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PERMA Parent: Building Positive Emotions into Parenting

By on December 1, 2010 – 8:11 am  14 Comments

Elizabeth Elizardi, MAPP '10, is a parent coach, educational consultant, and founder of Strengths Hub, LLC, an online parenting community. Building on her experience as a parent, educator, MAPP graduate, and online contributor to Psychology Today, Elizabeth hopes to build an international network of flourishing parents who cultivate and exercise strategies for increased well-Being while raising children. Full Bio. Elizabeth's articles for PositivePsychologyNews.com are here.



Editor’s note This is the first article of a new PPND author, Elizabeth Elizardi. Welcome Elizabeth!

Child reaching for attention

Child reaching for attention

Last night I sat down at the dinner table with my husband to share some of the research I found for this article. I started to tell him about the staggering statistic from the Gottman Institute that 67% of married couples report a decline in overall happiness within the year after their first child is born. I uttered the words, “67% of…” when our three-year-old interrupted with a request; something more to drink, help with her baby doll, or a comment about the dog. My husband appropriately finished my sentence with “What? 67% of conversations are interrupted by your children?” We both laughed, gave our daughter the attention she was seeking, and finished our conversation about happiness post kids.
 

The theory of Well-Being advanced by Martin Seligman in his upcoming book on flourishing focuses on five pillars; Positive Emotions, Engagement, Relationships, Meaning, and Accomplishment (PERMA). Each of these elements contributes to well being, leads to human flourishing and can be cultivated through intentional activities.  

Parenting is a life domain which can dramatically effect well-being.  Men and women grapple with a new identity realizing that they are fathers and mothers, with all of the negative and positive connotations. They have a new role, one that can be heavily influenced by societal norms and pressures.  However, the five pillars of well being, when applied to the parenting domain, can lead to flourishing families.  How?  Through PERMA parenting. PERMA parents inculcate the five principles of well-being into their parenting behaviors with their children and relationship with their spouses.  Below is part one of a five part series on how to be a PERMA Parent.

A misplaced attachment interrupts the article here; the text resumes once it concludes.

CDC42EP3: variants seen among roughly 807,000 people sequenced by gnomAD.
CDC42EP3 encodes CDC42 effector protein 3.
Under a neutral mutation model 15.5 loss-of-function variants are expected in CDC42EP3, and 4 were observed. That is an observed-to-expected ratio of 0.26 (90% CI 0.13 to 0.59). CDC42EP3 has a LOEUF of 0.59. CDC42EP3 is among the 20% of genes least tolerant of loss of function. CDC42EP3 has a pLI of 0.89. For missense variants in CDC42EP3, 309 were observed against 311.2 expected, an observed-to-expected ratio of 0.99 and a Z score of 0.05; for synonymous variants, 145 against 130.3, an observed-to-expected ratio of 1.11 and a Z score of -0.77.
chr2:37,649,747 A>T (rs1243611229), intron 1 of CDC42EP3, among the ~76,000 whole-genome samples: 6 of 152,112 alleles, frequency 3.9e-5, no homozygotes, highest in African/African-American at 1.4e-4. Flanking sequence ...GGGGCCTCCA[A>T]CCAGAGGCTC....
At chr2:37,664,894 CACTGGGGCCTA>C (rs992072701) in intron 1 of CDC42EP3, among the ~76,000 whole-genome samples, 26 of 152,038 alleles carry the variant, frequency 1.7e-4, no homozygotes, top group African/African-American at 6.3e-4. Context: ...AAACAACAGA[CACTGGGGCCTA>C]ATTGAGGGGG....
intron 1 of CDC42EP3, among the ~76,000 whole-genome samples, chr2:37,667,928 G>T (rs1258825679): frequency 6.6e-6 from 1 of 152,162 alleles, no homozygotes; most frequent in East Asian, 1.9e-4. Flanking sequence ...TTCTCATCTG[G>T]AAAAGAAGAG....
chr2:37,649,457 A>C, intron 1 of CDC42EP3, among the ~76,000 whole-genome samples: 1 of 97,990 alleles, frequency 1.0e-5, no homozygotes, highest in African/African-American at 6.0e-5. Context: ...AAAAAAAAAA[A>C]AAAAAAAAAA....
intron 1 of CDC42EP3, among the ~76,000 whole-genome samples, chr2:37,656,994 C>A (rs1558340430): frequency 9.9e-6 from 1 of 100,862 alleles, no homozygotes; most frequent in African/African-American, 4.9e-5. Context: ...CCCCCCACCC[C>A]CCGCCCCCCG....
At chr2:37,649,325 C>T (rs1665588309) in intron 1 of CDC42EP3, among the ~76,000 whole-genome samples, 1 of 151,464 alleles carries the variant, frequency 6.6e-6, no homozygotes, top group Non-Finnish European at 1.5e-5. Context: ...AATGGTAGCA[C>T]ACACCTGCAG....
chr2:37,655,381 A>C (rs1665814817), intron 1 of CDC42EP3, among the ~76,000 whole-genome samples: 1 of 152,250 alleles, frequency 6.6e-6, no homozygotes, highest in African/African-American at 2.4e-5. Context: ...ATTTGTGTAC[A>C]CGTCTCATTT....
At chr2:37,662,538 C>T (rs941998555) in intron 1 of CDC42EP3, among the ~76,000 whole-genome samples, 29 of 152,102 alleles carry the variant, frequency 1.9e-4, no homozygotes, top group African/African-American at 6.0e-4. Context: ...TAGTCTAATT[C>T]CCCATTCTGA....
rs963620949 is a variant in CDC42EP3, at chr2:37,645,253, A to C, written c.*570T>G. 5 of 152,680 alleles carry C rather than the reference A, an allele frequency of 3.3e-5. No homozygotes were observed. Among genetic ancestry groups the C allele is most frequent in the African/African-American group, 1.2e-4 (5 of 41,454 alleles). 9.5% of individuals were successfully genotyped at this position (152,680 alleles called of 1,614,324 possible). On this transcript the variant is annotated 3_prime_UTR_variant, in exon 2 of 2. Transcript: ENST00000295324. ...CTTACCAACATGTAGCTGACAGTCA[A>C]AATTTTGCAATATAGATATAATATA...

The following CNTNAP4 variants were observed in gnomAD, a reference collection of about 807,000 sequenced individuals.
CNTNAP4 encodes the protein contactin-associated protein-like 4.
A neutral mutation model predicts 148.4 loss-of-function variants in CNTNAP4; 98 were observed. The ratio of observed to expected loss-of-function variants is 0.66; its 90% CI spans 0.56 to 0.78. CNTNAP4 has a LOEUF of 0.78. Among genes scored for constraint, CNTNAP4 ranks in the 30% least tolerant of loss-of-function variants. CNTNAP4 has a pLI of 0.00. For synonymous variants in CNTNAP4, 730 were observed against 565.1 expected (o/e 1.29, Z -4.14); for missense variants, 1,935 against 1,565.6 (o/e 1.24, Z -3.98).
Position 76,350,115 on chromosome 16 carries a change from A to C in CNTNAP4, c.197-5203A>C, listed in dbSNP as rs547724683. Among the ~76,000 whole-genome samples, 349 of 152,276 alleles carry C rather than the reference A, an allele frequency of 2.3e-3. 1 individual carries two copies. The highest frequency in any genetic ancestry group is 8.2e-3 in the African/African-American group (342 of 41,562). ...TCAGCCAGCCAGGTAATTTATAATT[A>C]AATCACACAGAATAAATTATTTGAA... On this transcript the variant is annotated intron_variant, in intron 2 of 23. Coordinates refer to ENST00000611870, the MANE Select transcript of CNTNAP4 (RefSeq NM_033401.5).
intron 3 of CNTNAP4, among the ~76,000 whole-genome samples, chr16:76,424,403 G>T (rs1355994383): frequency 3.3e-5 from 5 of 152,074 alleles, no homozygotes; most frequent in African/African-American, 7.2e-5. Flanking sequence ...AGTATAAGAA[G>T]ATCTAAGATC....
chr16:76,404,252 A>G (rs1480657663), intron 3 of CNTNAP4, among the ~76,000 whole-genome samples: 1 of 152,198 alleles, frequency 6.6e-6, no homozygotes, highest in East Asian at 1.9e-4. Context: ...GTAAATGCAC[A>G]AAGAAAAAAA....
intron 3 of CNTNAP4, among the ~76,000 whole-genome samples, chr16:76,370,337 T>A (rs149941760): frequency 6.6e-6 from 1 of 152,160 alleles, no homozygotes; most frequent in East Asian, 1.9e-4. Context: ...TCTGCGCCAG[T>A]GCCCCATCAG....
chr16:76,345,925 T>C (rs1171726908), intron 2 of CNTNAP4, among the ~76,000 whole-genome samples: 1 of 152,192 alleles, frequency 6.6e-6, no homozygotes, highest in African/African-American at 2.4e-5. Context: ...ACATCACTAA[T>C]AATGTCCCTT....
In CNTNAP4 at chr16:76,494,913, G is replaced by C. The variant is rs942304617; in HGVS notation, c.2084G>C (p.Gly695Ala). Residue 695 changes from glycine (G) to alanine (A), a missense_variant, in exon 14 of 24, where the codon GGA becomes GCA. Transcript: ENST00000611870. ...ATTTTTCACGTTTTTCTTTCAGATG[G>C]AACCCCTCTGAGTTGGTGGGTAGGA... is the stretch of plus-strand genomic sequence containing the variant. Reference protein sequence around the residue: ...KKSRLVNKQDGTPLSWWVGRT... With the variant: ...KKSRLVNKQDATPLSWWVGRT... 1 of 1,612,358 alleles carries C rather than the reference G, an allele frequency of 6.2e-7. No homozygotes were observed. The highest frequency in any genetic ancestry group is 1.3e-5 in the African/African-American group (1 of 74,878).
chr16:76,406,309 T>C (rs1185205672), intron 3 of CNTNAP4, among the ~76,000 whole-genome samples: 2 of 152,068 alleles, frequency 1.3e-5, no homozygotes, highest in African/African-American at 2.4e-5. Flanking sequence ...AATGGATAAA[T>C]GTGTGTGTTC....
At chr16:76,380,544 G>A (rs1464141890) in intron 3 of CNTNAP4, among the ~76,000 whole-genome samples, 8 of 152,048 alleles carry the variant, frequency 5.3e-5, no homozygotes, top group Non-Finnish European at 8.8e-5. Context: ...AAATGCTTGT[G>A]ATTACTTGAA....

Part One: Positive Emotions

Aren’t children supposed to make you happy? Psychologists have been interested in the answer to this question for the past fifty years. A 1957 study revealed that 83% of new parents went though moderate to severe crisis in the transition to parenthood. John and Julie Gottman, authors of And Baby Makes Three, confirm the statistic mentioned in the beginning of this article through sixteen long-term research studies of couples with children. Most happiness research points out the fact that children do not cause higher levels of happiness, which prompts the admonition that child rearing indeed affects happiness, positively and negatively at the individual and couple level.

What causes a shift in happiness post-kids?

Several of the noted authors and researchers mentioned above suggest that couples who have unrealistic expectations of what life is like post-kid may encounter negative emotions caused by the overwhelming demands on psychological resources; physical (falling asleep at 8:00), mental (why did I put the cereal box in the refrigerator?), emotional (putting yourself in timeout) and spiritual (you may question your belief in God after your child has thrown up in the aircraft, in the airport, and in the car on the way home).

Fingers Together

Fingers Together

Being optimistic about becoming a parent is natural. Seeing that little smile, feeling he tiny fingers wrapped around yours, hearing the adorable infant noises, or watching as your child goes to her first day of kindergarten are joyful moments. But does tempered optimism balance out a new parent’s happiness forecasting? With tempered optimism couples create an amalgam of optimistic thoughts about the joyful aspects of parenting mixed with a realistic interpretation of the challenges they will experience. Leading psychologists note that the most important thing in a baby’s life is a loving parental relationship. Adopting an attitude of tempered optimism may be one key ingredient to maintaining a stable and supportive relationship with a spouse while raising children. You will expect challenges and obstacles, but will be well-prepared to overcome them with confidence and competence.